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Occurrence, Preparation and Properties of Silicon

Silicon is the most abundant element in the earth's crust after oxygen (Si=27.2%, O=45.5%). It does not occur freely in nature. Due to its great affinity for oxygen, it occurs either as oxide (silica, SiO2) or as silicates like feldspar, kaolinite, mica, etc., in rocks and clays.

Silicon (96-99%) is produced by the reduction of sand with coke in an electric arc furnace.
SiO2 + 2C Si + 2CO

Sand is kept in excess to prevent the accumulation of silicon carbide (SiC).
2SiC + SiO2 3 Si + 2CO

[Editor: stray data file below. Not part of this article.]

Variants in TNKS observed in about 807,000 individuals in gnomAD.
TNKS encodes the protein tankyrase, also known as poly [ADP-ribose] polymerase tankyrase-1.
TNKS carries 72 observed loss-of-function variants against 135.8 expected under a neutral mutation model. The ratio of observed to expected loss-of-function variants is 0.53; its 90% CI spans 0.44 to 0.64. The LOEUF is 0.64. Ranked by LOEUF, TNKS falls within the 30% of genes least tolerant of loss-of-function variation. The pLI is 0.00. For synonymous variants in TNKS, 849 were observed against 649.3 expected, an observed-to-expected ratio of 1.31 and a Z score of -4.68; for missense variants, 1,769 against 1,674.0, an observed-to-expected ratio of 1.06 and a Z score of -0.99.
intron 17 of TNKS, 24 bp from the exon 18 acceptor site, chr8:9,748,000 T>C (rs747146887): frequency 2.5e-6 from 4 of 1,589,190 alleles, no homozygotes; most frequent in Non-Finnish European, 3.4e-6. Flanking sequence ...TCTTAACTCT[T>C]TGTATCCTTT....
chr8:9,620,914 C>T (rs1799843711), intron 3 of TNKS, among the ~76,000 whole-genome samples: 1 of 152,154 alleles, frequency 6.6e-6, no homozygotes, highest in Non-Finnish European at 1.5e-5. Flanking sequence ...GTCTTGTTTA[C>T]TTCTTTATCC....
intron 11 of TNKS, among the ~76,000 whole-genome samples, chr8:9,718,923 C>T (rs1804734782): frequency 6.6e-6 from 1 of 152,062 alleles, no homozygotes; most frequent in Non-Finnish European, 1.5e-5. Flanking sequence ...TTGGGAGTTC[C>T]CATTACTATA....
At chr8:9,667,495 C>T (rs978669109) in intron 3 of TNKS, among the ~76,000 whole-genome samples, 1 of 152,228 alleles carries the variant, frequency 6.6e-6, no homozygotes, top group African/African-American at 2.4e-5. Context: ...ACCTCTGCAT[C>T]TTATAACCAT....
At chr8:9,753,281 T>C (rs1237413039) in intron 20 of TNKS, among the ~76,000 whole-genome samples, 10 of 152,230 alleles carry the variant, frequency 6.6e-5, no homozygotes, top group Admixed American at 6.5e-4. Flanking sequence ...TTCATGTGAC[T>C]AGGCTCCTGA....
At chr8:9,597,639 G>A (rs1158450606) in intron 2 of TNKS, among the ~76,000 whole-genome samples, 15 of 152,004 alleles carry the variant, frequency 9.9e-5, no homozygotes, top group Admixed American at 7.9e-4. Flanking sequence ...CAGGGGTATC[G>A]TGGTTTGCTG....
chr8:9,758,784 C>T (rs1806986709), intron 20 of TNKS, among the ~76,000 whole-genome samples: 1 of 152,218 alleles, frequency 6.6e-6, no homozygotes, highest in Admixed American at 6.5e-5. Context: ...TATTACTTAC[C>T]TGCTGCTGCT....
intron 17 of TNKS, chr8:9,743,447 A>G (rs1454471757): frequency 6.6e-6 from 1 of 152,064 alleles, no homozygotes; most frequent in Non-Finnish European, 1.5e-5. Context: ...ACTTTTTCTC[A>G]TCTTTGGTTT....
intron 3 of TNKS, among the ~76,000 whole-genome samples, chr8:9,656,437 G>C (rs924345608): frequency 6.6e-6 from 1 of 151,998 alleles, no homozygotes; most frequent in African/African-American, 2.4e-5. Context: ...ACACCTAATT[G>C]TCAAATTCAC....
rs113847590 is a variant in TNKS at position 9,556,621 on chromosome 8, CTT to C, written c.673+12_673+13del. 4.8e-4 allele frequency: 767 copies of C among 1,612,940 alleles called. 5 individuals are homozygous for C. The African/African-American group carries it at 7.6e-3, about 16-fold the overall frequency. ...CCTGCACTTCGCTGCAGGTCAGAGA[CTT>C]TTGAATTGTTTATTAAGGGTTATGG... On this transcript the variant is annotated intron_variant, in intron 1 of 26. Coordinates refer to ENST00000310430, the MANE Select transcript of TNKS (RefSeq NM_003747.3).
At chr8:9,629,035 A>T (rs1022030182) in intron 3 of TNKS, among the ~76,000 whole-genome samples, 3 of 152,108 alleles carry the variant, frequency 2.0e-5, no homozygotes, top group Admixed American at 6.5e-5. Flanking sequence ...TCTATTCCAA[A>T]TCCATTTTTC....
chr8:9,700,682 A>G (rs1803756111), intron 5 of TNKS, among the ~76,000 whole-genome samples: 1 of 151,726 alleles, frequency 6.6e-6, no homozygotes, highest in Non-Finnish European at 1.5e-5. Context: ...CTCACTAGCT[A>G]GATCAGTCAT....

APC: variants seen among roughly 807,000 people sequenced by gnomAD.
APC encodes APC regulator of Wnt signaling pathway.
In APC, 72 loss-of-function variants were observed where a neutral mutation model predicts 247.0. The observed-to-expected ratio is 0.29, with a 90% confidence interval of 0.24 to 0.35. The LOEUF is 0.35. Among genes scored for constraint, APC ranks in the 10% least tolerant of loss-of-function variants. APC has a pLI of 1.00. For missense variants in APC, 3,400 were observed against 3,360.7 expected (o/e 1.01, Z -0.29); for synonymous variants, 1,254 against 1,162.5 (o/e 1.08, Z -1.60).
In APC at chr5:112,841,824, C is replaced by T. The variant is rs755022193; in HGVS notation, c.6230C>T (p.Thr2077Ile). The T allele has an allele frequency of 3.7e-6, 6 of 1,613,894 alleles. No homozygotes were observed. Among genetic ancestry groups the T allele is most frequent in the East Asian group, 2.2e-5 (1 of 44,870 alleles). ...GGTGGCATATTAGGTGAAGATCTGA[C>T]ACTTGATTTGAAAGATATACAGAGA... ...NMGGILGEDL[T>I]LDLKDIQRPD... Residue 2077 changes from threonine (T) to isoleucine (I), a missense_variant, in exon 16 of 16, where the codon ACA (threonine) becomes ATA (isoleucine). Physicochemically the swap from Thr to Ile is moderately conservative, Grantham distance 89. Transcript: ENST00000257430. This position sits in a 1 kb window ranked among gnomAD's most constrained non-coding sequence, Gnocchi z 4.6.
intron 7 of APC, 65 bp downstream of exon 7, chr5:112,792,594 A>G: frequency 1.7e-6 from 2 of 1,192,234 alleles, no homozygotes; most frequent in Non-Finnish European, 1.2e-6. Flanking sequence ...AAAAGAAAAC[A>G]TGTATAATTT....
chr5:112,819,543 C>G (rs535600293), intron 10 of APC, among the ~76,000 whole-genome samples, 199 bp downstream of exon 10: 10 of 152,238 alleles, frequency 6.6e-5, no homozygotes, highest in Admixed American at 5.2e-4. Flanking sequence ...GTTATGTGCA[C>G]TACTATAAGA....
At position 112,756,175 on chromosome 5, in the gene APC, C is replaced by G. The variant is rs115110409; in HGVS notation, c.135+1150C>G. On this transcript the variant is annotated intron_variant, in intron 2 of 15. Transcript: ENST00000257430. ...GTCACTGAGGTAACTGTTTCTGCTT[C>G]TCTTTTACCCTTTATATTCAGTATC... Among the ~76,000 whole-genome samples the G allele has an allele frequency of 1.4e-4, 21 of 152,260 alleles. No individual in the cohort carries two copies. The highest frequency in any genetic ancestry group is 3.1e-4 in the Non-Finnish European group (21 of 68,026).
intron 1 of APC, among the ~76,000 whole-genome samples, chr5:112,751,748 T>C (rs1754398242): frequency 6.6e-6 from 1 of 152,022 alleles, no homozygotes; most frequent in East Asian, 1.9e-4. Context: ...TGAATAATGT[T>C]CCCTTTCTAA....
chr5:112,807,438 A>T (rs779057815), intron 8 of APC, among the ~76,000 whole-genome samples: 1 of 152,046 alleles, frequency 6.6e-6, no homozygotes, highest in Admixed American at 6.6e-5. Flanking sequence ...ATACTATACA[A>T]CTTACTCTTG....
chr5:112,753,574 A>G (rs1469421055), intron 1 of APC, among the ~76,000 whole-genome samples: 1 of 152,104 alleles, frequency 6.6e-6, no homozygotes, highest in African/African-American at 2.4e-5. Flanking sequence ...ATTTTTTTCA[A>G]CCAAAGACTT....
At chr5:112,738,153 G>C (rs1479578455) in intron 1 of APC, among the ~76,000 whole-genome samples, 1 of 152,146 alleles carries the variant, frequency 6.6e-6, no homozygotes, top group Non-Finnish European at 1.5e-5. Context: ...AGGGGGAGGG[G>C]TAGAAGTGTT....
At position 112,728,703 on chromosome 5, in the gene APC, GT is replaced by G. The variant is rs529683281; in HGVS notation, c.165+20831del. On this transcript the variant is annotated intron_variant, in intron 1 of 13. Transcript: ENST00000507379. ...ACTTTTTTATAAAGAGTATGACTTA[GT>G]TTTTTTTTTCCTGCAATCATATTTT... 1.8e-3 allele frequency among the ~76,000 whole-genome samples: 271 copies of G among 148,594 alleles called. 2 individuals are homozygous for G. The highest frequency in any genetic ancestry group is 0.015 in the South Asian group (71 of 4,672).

Silicon, thus obtained, is used in the manufacture of its alloys and silicon polymers. These polymers containing a Si—O—Si framework are water-repellent and heat-resistant and find many applications.

Very pure silicon for semiconductor applications is obtained by reduction of pure SiCl4 or SiHCl3 with pure Mg or Zn. Thermal decomposition of SiI4 with dihydrogen is also done. Recently, high-purity silicon for solar cells has been produced by the reduction of Na2SiF6 with metallic sodium.

Silicon is a hard solid with a shining metallic luster. It melts at 1793 K and boils at about 3550 K. It reacts with fluorine at room temperature to form silicon tetrafluoride, SiF4. With other elements, it reacts at elevated temperatures.

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